All over Europe, rural areas experience difficulties in attracting and holding on to residents. In Denmark, this has made some municipalities, especially in regions with declining population, loosen restrictions on residence, and allowing otherwise permanent residences to be sold and used as second homes. In this paper we look at two particular municipalities, Vejen in central-southern Jutland (814 km2, population 43,000) and Langeland, an island south-east of Funen (291 km2, population 14,000). Vejen is currently experiencing population growth, while the situation for Langeland is the opposite, along with a higher average age.
In the international literature, second homes are described ambiguously, with examples of a number of positive and negative effects locally. A review of current research, however, shows that the second home phenomenon should be seen in a local or regional development perspective. The review also shows huge differences in the way ‘second homes’ are defined. In this work, second homes are defined as non-recreative or all-year dwellings, used only part-time. More specifically, second homes are defined as separate houses, clusters of houses or apartments, owned and used by people with registered address outside of the municipality in which the dwelling is situated. The phenomenon does thus not include campers, tents, boats or cabins. Of particular interest, on the other hand, have been small, former farms between 0.55 and 2 hectares, thought to be attractive as second homes.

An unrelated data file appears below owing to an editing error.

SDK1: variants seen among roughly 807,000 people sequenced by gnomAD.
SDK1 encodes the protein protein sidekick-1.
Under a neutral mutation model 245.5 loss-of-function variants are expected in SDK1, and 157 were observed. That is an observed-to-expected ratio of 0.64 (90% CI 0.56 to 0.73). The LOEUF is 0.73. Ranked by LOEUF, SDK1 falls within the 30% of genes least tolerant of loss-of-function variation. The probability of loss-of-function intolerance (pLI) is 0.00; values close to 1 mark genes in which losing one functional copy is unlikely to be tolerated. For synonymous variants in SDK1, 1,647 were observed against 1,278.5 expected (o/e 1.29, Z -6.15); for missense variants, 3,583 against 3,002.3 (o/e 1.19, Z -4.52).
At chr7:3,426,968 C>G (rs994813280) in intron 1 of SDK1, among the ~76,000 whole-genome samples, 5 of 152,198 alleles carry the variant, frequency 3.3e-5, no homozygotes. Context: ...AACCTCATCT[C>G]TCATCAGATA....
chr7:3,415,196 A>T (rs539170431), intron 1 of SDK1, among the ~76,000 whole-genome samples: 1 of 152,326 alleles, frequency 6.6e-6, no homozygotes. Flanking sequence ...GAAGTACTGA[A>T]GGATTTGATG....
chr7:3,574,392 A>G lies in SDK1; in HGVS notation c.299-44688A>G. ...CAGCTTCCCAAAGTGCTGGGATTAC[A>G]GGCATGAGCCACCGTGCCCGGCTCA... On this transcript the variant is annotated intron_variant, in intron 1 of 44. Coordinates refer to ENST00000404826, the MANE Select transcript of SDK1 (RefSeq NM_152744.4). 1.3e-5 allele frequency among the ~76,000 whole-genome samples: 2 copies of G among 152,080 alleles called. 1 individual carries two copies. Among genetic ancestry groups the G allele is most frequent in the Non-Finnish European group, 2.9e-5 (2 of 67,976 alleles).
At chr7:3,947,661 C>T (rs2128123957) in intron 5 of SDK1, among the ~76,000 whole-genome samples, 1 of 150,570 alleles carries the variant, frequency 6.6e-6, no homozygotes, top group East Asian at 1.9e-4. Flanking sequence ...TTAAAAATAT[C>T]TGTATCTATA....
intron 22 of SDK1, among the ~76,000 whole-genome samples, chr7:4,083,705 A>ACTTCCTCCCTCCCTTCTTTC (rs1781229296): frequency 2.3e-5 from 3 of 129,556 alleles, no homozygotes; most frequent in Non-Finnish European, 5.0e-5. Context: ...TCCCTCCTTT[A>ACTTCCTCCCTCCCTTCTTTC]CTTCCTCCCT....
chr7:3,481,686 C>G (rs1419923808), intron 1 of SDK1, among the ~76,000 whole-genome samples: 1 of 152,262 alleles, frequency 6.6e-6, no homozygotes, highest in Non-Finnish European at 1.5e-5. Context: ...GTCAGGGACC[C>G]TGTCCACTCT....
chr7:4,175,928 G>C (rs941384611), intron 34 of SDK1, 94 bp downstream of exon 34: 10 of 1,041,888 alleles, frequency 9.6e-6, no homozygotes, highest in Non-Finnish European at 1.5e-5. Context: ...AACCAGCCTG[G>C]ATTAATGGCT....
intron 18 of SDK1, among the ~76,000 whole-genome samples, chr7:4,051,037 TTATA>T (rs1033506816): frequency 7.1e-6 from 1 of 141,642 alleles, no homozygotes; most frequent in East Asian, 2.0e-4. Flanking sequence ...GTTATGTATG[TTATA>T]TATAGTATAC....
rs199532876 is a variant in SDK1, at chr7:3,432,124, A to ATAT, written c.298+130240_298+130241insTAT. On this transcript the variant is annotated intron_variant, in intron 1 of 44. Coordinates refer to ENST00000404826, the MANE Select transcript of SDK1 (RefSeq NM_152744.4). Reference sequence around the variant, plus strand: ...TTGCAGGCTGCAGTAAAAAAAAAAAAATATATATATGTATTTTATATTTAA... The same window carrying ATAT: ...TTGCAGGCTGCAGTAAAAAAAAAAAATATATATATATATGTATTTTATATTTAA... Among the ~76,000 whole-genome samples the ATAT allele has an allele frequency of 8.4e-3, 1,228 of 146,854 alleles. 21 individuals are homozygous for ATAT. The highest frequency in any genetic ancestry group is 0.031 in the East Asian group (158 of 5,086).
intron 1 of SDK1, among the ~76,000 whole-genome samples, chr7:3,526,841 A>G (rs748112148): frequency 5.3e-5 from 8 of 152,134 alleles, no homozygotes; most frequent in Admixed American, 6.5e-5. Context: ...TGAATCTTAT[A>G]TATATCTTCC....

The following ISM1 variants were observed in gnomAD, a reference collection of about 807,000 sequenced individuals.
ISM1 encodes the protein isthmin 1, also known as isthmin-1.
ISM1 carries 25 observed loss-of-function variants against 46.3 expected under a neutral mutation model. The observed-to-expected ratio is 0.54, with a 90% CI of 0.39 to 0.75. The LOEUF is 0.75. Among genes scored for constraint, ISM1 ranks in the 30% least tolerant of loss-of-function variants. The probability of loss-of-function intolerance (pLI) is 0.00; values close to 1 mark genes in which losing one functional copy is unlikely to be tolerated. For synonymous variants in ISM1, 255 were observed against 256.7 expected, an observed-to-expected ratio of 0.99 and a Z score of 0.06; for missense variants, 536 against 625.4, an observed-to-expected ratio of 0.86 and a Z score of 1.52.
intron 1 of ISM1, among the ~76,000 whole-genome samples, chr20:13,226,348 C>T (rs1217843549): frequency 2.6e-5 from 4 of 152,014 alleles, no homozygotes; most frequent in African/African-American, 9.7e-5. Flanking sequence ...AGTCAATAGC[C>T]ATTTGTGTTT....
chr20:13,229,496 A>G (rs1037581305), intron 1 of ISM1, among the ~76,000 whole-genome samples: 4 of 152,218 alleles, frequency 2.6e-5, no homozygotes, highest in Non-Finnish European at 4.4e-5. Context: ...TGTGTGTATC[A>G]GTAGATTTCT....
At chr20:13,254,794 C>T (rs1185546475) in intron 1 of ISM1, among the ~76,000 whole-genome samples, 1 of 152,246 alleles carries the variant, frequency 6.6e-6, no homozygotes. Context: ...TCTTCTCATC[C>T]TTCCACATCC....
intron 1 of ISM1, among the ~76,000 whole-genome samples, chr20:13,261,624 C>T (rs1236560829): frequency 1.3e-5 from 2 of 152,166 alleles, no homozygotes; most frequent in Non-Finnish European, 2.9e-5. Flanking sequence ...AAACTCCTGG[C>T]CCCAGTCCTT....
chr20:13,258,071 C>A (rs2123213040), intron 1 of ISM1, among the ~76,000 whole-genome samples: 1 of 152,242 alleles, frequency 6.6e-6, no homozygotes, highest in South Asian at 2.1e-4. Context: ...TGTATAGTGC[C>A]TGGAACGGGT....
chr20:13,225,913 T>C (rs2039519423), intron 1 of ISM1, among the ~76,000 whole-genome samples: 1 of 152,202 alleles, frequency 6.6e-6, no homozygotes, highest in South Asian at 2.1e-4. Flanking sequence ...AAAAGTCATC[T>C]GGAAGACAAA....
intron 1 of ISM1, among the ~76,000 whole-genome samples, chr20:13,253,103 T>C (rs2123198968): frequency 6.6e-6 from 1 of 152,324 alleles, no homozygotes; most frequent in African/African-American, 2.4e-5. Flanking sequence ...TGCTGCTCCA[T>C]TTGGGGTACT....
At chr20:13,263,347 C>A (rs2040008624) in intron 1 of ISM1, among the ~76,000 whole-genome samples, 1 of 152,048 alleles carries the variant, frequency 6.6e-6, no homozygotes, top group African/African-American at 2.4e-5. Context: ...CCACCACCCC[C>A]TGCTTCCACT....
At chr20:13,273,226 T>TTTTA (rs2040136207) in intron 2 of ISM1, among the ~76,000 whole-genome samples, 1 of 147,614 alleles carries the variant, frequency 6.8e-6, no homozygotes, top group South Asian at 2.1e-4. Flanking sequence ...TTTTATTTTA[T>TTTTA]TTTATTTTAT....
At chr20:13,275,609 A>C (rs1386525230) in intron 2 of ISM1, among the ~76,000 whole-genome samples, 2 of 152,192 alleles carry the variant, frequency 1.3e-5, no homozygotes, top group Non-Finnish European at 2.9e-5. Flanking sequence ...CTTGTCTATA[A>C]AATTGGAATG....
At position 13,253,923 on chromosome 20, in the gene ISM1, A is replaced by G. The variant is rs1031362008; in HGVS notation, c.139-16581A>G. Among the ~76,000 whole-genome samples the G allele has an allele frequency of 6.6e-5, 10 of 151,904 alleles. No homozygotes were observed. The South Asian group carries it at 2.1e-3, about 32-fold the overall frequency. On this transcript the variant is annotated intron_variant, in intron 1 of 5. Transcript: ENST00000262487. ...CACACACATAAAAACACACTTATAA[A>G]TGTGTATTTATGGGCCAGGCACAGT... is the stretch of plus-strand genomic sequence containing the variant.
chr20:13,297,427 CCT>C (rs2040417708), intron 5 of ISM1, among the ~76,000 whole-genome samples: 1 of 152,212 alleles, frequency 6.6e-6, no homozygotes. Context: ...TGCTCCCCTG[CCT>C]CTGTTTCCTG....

In the current survey of second homes, quantitative as well as qualitative approaches have been used to assess the extent of second homes in the two municipalities. The quantitative part consists of area planning and cadastral data from a national database of property, analysed using standard GIS software. Results, following the criteria for ownership described above, show that 10% of properties in Vejen and 29% of properties in Langeland are probably second homes. Looking only to land zone (basically outside towns and larger villages), and counting former farms of relevant size, potential second homes constitute 12% in Vejen; however, only 2% of these are owned by someone with address outside the municipality. In Langeland this group of properties make up 7% of all properties in the land zone, but with 25% of these being owned by ‘outsiders’. The quantitative survey thus clearly shows that the extent of second homes is much larger in Langeland than in Vejen. This is in agreement with our expectations, given the literature’s emphasis on nature and scenery as important determining factors for second homes, along with the less central location of Langeland.
In addition, qualitative analyses were made in the form of interviews with local stakeholders in the two municipalities, including real estate agents, tradesmen and shop owners. Summing up these interviews, it appears that in Langeland, there is no negative attitude to second homes, mostly because the development is perceived as inevitable. The general opinion is that houses being used as second homes contribute positively to the standard of maintenance and thereby the visual quality of the built environment. Further, owners of second homes typically use local craftsmen and local retail, giving positive spin-off effects to the local area. Questioned directly, real estate agents make clear that they do not experience locals being pushed out of the housing market, a negative effect of second homes, described and discussed especially in England. For other social issues, the effects of second homes are harder to estimate, including the integration of second home owners in local social life and the effects on the number of pupils attending local primary schools.